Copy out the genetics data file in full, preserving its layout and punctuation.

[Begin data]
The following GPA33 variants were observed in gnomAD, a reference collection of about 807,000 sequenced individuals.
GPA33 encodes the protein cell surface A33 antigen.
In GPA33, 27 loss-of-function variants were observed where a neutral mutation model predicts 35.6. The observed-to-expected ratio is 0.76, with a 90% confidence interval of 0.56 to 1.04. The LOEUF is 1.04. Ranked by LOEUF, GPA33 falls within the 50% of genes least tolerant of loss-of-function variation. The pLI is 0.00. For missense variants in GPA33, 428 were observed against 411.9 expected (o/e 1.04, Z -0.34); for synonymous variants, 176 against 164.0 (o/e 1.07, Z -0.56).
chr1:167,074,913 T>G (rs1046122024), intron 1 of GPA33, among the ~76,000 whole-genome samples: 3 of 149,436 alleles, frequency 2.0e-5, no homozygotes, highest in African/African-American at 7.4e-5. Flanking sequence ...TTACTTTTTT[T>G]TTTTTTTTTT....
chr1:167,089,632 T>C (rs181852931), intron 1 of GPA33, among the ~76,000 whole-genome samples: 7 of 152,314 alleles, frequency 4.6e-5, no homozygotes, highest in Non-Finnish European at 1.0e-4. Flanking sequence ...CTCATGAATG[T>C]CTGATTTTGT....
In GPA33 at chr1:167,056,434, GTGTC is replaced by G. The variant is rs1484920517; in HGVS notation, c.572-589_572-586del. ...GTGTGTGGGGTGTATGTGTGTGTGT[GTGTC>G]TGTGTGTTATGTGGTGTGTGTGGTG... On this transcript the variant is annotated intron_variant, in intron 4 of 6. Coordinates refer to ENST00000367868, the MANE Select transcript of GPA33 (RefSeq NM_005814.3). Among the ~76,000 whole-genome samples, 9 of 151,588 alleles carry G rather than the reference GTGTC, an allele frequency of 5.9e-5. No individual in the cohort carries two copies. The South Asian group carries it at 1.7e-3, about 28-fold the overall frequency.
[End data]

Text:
The following GPA33 variants were observed in gnomAD, a reference collection of about 807,000 sequenced individuals.
GPA33 encodes the protein cell surface A33 antigen.
In GPA33, 27 loss-of-function variants were observed where a neutral mutation model predicts 35.6. The observed-to-expected ratio is 0.76, with a 90% confidence interval of 0.56 to 1.04. The LOEUF is 1.04. Ranked by LOEUF, GPA33 falls within the 50% of genes least tolerant of loss-of-function variation. The pLI is 0.00. For missense variants in GPA33, 428 were observed against 411.9 expected (o/e 1.04, Z -0.34); for synonymous variants, 176 against 164.0 (o/e 1.07, Z -0.56).
chr1:167,074,913 T>G (rs1046122024), intron 1 of GPA33, among the ~76,000 whole-genome samples: 3 of 149,436 alleles, frequency 2.0e-5, no homozygotes, highest in African/African-American at 7.4e-5. Flanking sequence ...TTACTTTTTT[T>G]TTTTTTTTTT....
chr1:167,089,632 T>C (rs181852931), intron 1 of GPA33, among the ~76,000 whole-genome samples: 7 of 152,314 alleles, frequency 4.6e-5, no homozygotes, highest in Non-Finnish European at 1.0e-4. Flanking sequence ...CTCATGAATG[T>C]CTGATTTTGT....
In GPA33 at chr1:167,056,434, GTGTC is replaced by G. The variant is rs1484920517; in HGVS notation, c.572-589_572-586del. ...GTGTGTGGGGTGTATGTGTGTGTGT[GTGTC>G]TGTGTGTTATGTGGTGTGTGTGGTG... On this transcript the variant is annotated intron_variant, in intron 4 of 6. Coordinates refer to ENST00000367868, the MANE Select transcript of GPA33 (RefSeq NM_005814.3). Among the ~76,000 whole-genome samples, 9 of 151,588 alleles carry G rather than the reference GTGTC, an allele frequency of 5.9e-5. No individual in the cohort carries two copies. The South Asian group carries it at 1.7e-3, about 28-fold the overall frequency.